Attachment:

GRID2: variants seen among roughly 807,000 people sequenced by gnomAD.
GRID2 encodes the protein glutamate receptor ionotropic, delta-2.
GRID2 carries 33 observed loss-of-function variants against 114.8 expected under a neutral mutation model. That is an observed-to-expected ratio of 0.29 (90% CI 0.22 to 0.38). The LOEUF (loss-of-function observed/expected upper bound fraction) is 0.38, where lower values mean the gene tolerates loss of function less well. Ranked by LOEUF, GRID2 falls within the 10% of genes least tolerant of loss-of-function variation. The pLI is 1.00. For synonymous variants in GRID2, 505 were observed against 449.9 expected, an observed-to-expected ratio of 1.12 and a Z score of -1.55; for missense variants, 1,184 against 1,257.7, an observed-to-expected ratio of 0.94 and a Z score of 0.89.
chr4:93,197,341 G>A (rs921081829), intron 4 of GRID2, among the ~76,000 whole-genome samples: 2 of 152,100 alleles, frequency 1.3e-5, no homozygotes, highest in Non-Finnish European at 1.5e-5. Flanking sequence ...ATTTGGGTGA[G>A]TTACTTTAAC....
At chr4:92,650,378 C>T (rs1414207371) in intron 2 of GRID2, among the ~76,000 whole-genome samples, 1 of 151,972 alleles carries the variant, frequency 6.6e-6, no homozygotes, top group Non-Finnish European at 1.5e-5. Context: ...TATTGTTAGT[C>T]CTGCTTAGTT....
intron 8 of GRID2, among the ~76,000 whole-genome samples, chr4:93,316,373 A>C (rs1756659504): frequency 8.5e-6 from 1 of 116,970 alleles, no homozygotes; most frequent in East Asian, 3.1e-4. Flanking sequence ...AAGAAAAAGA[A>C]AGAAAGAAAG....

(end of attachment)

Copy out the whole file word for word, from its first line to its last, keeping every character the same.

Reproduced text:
GRID2: variants seen among roughly 807,000 people sequenced by gnomAD.
GRID2 encodes the protein glutamate receptor ionotropic, delta-2.
GRID2 carries 33 observed loss-of-function variants against 114.8 expected under a neutral mutation model. That is an observed-to-expected ratio of 0.29 (90% CI 0.22 to 0.38). The LOEUF (loss-of-function observed/expected upper bound fraction) is 0.38, where lower values mean the gene tolerates loss of function less well. Ranked by LOEUF, GRID2 falls within the 10% of genes least tolerant of loss-of-function variation. The pLI is 1.00. For synonymous variants in GRID2, 505 were observed against 449.9 expected, an observed-to-expected ratio of 1.12 and a Z score of -1.55; for missense variants, 1,184 against 1,257.7, an observed-to-expected ratio of 0.94 and a Z score of 0.89.
chr4:93,197,341 G>A (rs921081829), intron 4 of GRID2, among the ~76,000 whole-genome samples: 2 of 152,100 alleles, frequency 1.3e-5, no homozygotes, highest in Non-Finnish European at 1.5e-5. Flanking sequence ...ATTTGGGTGA[G>A]TTACTTTAAC....
At chr4:92,650,378 C>T (rs1414207371) in intron 2 of GRID2, among the ~76,000 whole-genome samples, 1 of 151,972 alleles carries the variant, frequency 6.6e-6, no homozygotes, top group Non-Finnish European at 1.5e-5. Context: ...TATTGTTAGT[C>T]CTGCTTAGTT....
intron 8 of GRID2, among the ~76,000 whole-genome samples, chr4:93,316,373 A>C (rs1756659504): frequency 8.5e-6 from 1 of 116,970 alleles, no homozygotes; most frequent in East Asian, 3.1e-4. Flanking sequence ...AAGAAAAAGA[A>C]AGAAAGAAAG....